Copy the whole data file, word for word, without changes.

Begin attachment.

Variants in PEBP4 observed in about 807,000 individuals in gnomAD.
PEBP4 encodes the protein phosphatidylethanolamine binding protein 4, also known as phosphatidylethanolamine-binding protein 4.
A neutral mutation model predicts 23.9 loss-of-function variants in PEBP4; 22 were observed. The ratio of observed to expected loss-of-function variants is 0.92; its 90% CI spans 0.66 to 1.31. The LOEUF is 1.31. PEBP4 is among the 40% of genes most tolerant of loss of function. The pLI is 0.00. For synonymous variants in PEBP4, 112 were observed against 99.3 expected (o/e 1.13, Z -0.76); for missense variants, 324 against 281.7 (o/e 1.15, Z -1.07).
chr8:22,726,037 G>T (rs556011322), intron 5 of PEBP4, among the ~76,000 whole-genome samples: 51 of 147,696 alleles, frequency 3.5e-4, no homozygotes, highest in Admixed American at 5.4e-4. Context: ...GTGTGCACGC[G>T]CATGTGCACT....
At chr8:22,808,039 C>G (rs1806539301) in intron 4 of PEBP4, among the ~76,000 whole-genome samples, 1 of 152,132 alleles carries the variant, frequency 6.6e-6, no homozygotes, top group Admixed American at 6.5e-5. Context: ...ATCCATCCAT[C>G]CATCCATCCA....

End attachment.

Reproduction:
Variants in PEBP4 observed in about 807,000 individuals in gnomAD.
PEBP4 encodes the protein phosphatidylethanolamine binding protein 4, also known as phosphatidylethanolamine-binding protein 4.
A neutral mutation model predicts 23.9 loss-of-function variants in PEBP4; 22 were observed. The ratio of observed to expected loss-of-function variants is 0.92; its 90% CI spans 0.66 to 1.31. The LOEUF is 1.31. PEBP4 is among the 40% of genes most tolerant of loss of function. The pLI is 0.00. For synonymous variants in PEBP4, 112 were observed against 99.3 expected (o/e 1.13, Z -0.76); for missense variants, 324 against 281.7 (o/e 1.15, Z -1.07).
chr8:22,726,037 G>T (rs556011322), intron 5 of PEBP4, among the ~76,000 whole-genome samples: 51 of 147,696 alleles, frequency 3.5e-4, no homozygotes, highest in Admixed American at 5.4e-4. Context: ...GTGTGCACGC[G>T]CATGTGCACT....
At chr8:22,808,039 C>G (rs1806539301) in intron 4 of PEBP4, among the ~76,000 whole-genome samples, 1 of 152,132 alleles carries the variant, frequency 6.6e-6, no homozygotes, top group Admixed American at 6.5e-5. Context: ...ATCCATCCAT[C>G]CATCCATCCA....